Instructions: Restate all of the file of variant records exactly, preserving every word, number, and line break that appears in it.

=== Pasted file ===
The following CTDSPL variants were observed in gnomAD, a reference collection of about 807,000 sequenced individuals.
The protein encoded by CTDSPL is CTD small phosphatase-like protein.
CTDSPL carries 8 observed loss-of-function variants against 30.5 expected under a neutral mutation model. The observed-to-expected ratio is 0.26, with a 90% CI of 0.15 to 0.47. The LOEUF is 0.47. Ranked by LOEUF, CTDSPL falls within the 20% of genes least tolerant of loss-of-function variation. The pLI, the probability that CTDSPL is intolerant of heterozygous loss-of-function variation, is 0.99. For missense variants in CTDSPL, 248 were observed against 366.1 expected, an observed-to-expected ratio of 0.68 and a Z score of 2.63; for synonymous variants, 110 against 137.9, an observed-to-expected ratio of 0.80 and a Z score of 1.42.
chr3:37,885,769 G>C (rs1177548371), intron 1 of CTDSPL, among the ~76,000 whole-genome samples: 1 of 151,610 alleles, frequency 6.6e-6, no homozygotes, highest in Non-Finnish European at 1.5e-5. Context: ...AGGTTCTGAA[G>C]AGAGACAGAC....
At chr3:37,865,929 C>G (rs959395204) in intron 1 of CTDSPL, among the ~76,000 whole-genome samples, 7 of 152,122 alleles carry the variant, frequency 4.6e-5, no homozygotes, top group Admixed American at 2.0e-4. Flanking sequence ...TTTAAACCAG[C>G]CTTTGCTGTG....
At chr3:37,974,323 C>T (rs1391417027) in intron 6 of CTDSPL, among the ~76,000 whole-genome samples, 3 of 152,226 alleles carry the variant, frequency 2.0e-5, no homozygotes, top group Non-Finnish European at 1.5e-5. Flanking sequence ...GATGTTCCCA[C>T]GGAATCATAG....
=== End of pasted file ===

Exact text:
The following CTDSPL variants were observed in gnomAD, a reference collection of about 807,000 sequenced individuals.
The protein encoded by CTDSPL is CTD small phosphatase-like protein.
CTDSPL carries 8 observed loss-of-function variants against 30.5 expected under a neutral mutation model. The observed-to-expected ratio is 0.26, with a 90% CI of 0.15 to 0.47. The LOEUF is 0.47. Ranked by LOEUF, CTDSPL falls within the 20% of genes least tolerant of loss-of-function variation. The pLI, the probability that CTDSPL is intolerant of heterozygous loss-of-function variation, is 0.99. For missense variants in CTDSPL, 248 were observed against 366.1 expected, an observed-to-expected ratio of 0.68 and a Z score of 2.63; for synonymous variants, 110 against 137.9, an observed-to-expected ratio of 0.80 and a Z score of 1.42.
chr3:37,885,769 G>C (rs1177548371), intron 1 of CTDSPL, among the ~76,000 whole-genome samples: 1 of 151,610 alleles, frequency 6.6e-6, no homozygotes, highest in Non-Finnish European at 1.5e-5. Context: ...AGGTTCTGAA[G>C]AGAGACAGAC....
At chr3:37,865,929 C>G (rs959395204) in intron 1 of CTDSPL, among the ~76,000 whole-genome samples, 7 of 152,122 alleles carry the variant, frequency 4.6e-5, no homozygotes, top group Admixed American at 2.0e-4. Flanking sequence ...TTTAAACCAG[C>G]CTTTGCTGTG....
At chr3:37,974,323 C>T (rs1391417027) in intron 6 of CTDSPL, among the ~76,000 whole-genome samples, 3 of 152,226 alleles carry the variant, frequency 2.0e-5, no homozygotes, top group Non-Finnish European at 1.5e-5. Flanking sequence ...GATGTTCCCA[C>T]GGAATCATAG....